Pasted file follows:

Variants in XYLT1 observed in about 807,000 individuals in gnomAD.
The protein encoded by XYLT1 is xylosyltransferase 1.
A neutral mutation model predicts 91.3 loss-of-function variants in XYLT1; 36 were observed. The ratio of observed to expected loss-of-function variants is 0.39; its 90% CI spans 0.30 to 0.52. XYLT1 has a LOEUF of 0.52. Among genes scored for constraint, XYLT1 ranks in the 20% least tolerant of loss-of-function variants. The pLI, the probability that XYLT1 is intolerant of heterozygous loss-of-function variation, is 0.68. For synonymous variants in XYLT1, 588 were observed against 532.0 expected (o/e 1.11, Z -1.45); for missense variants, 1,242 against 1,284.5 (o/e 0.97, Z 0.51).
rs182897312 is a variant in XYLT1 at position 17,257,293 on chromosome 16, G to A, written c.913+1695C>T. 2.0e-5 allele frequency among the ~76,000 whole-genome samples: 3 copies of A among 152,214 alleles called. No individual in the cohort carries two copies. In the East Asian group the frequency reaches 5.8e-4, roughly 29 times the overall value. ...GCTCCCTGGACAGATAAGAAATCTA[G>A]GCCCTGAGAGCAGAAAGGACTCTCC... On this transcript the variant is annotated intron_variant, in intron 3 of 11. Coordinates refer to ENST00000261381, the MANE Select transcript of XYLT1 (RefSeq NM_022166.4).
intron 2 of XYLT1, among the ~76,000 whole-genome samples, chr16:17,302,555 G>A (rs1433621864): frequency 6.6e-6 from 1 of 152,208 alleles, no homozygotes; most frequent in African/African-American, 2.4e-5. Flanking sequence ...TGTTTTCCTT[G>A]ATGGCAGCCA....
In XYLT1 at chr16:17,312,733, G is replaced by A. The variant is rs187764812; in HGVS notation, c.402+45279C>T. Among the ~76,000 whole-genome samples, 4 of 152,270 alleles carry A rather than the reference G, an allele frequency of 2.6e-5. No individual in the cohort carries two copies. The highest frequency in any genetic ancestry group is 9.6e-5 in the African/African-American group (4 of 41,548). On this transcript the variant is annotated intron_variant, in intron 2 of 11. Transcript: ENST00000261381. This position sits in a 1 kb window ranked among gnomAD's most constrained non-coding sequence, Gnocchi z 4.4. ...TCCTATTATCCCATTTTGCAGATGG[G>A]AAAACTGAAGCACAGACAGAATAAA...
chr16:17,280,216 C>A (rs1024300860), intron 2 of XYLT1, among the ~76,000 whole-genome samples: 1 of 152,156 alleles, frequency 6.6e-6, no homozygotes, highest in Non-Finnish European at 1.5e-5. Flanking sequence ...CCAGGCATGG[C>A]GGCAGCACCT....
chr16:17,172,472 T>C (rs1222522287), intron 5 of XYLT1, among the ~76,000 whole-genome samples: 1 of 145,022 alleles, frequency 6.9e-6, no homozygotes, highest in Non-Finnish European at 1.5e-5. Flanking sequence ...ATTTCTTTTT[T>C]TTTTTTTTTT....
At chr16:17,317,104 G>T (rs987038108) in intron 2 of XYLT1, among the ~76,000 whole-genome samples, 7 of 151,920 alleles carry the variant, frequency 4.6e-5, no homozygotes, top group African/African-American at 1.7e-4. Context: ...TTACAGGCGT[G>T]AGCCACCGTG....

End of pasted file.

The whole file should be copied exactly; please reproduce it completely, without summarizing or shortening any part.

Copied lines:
Variants in XYLT1 observed in about 807,000 individuals in gnomAD.
The protein encoded by XYLT1 is xylosyltransferase 1.
A neutral mutation model predicts 91.3 loss-of-function variants in XYLT1; 36 were observed. The ratio of observed to expected loss-of-function variants is 0.39; its 90% CI spans 0.30 to 0.52. XYLT1 has a LOEUF of 0.52. Among genes scored for constraint, XYLT1 ranks in the 20% least tolerant of loss-of-function variants. The pLI, the probability that XYLT1 is intolerant of heterozygous loss-of-function variation, is 0.68. For synonymous variants in XYLT1, 588 were observed against 532.0 expected (o/e 1.11, Z -1.45); for missense variants, 1,242 against 1,284.5 (o/e 0.97, Z 0.51).
rs182897312 is a variant in XYLT1 at position 17,257,293 on chromosome 16, G to A, written c.913+1695C>T. 2.0e-5 allele frequency among the ~76,000 whole-genome samples: 3 copies of A among 152,214 alleles called. No individual in the cohort carries two copies. In the East Asian group the frequency reaches 5.8e-4, roughly 29 times the overall value. ...GCTCCCTGGACAGATAAGAAATCTA[G>A]GCCCTGAGAGCAGAAAGGACTCTCC... On this transcript the variant is annotated intron_variant, in intron 3 of 11. Coordinates refer to ENST00000261381, the MANE Select transcript of XYLT1 (RefSeq NM_022166.4).
intron 2 of XYLT1, among the ~76,000 whole-genome samples, chr16:17,302,555 G>A (rs1433621864): frequency 6.6e-6 from 1 of 152,208 alleles, no homozygotes; most frequent in African/African-American, 2.4e-5. Flanking sequence ...TGTTTTCCTT[G>A]ATGGCAGCCA....
In XYLT1 at chr16:17,312,733, G is replaced by A. The variant is rs187764812; in HGVS notation, c.402+45279C>T. Among the ~76,000 whole-genome samples, 4 of 152,270 alleles carry A rather than the reference G, an allele frequency of 2.6e-5. No individual in the cohort carries two copies. The highest frequency in any genetic ancestry group is 9.6e-5 in the African/African-American group (4 of 41,548). On this transcript the variant is annotated intron_variant, in intron 2 of 11. Transcript: ENST00000261381. This position sits in a 1 kb window ranked among gnomAD's most constrained non-coding sequence, Gnocchi z 4.4. ...TCCTATTATCCCATTTTGCAGATGG[G>A]AAAACTGAAGCACAGACAGAATAAA...
chr16:17,280,216 C>A (rs1024300860), intron 2 of XYLT1, among the ~76,000 whole-genome samples: 1 of 152,156 alleles, frequency 6.6e-6, no homozygotes, highest in Non-Finnish European at 1.5e-5. Flanking sequence ...CCAGGCATGG[C>A]GGCAGCACCT....
chr16:17,172,472 T>C (rs1222522287), intron 5 of XYLT1, among the ~76,000 whole-genome samples: 1 of 145,022 alleles, frequency 6.9e-6, no homozygotes, highest in Non-Finnish European at 1.5e-5. Flanking sequence ...ATTTCTTTTT[T>C]TTTTTTTTTT....
At chr16:17,317,104 G>T (rs987038108) in intron 2 of XYLT1, among the ~76,000 whole-genome samples, 7 of 151,920 alleles carry the variant, frequency 4.6e-5, no homozygotes, top group African/African-American at 1.7e-4. Context: ...TTACAGGCGT[G>T]AGCCACCGTG....